Nick Chong · 3 hours ago · 2 min read
Litecoin’s halving on Aug. 5 reduced the network’s mining difficulty and hashing power by almost 30 percent. The difficulty dropped from just under 16 million a day before the halving to 11.40 million on Aug. 22, raising questions about security and fee markets on the network.
Litecoin’s halving drastically reduces network mining difficulty
The world’s fifth-largest cryptocurrency by market cap, Litecoin, had its second-ever halving on Aug. 5 and it seems the network hash rate isn’t responding well. The halving is the process of reducing mining rewards that happens roughly every four years, or every 840,000 blocks.
The Aug. 5 halving reduced the reward for mining each block on the Litecoin network from 25 LTC to 12.5 LTC. And while network managed to hold on pretty well for a couple of days after the halving, it took quite a heavy hit this past week.
Data from mining pool operator BTC.com showed that the mining difficulty on the Litecoin network dropped from 15.93 million on Aug. 4, a day before the having, to 11.40 million on Aug. 22. The 28 percent drop was immediately followed by an equal reduction in hashing power.
This is the lowest difficulty the network has seen since the end of April when it hovered around 12 million. According to some estimates, the current difficulty will continue to decline in the next three days, when the next adjustment date is due.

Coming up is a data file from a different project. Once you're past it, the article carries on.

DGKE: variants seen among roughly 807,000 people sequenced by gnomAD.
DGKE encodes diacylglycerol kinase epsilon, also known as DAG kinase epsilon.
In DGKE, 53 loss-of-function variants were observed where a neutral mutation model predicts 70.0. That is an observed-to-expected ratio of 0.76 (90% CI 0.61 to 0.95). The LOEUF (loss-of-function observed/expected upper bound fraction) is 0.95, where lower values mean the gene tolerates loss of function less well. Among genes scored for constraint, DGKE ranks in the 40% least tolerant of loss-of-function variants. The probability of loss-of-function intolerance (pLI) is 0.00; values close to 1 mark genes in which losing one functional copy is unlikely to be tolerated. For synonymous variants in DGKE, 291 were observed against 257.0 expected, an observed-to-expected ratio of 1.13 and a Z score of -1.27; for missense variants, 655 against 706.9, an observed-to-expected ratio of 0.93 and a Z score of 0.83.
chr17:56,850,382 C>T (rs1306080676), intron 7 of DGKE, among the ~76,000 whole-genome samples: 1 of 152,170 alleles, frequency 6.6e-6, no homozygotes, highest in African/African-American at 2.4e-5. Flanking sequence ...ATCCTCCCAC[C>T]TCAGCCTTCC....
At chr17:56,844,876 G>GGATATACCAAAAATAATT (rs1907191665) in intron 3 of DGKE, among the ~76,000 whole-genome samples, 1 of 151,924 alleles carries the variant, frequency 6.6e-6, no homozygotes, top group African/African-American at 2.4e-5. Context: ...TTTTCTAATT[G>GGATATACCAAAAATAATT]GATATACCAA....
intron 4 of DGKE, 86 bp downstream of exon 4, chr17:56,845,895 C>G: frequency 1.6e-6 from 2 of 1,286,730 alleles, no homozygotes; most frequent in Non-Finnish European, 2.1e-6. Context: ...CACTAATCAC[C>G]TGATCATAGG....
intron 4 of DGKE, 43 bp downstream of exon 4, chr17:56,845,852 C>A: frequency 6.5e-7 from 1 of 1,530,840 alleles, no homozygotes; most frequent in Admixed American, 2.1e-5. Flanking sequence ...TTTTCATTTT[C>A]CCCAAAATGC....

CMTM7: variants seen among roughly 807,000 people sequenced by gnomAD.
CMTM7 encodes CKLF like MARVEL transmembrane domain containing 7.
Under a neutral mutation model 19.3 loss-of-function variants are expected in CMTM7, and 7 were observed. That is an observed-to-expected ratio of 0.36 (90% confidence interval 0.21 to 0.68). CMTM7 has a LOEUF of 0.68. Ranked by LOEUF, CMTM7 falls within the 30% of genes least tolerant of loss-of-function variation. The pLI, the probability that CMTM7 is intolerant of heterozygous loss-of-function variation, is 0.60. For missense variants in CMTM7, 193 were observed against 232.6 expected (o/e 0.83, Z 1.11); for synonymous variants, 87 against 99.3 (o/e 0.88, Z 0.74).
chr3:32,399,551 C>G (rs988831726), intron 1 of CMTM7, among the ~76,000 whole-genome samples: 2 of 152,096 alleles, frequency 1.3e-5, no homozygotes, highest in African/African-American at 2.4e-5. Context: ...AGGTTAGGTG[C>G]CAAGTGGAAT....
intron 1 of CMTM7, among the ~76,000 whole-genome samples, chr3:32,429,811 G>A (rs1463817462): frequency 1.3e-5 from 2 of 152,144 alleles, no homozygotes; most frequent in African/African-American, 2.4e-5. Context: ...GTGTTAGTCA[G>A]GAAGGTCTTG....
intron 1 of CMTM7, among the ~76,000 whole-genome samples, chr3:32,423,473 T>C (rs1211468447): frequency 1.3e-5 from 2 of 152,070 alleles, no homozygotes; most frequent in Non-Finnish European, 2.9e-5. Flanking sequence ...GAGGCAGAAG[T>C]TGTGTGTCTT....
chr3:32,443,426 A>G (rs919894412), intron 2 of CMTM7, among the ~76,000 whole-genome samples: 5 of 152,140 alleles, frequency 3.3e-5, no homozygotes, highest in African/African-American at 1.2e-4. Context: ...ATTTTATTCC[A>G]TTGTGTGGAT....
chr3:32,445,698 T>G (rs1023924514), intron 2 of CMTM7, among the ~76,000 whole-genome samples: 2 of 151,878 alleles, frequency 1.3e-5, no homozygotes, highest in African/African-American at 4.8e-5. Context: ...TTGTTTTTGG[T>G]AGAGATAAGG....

For clarification, in order to keep block-producing intervals every 2.5 minutes, the network’s difficulty automatically adjusts roughly every 4 days or every 2,016 blocks.
Decreased profitability pushes miners out of the network
A reduction in hash rate is followed by a reduction in mining difficulty. As miners leave the network to mine other coins, the average hashing power on the Litecoin network declined from 456 TH/s on Aug. 4 to 326 TH/s on Aug. 22.
This is a clear sign that most miners are struggling with profitability. Data from F2Pool showed that InnoSilicon and FusionSilicon X6, two of the most profitable Litecoin miners, operated with a profit margin between 55 and 60 percent before the halving.
However, the halving brought down their profitability down to just 10 to 20 percent. Some calculations found that with an average power of electricity of $0.04 per kWh, the devices would make less than $0.50 per day.
Smaller miners are expected to leave in even larger numbers, as most of the network hashrate share is held by two large mining pools. Poolin and F2Pool account for 23.64 and 18.54 percent of the network hashrate, respectively.
The reduction in mining hash rate once again emphasizes the importance of a robust fee market on a coin. As mining rewards are reduced over time it’s critical that there are sufficient fees on a network to maintain a high hash rate. Otherwise, these networks run the risk of malicious mining attacks.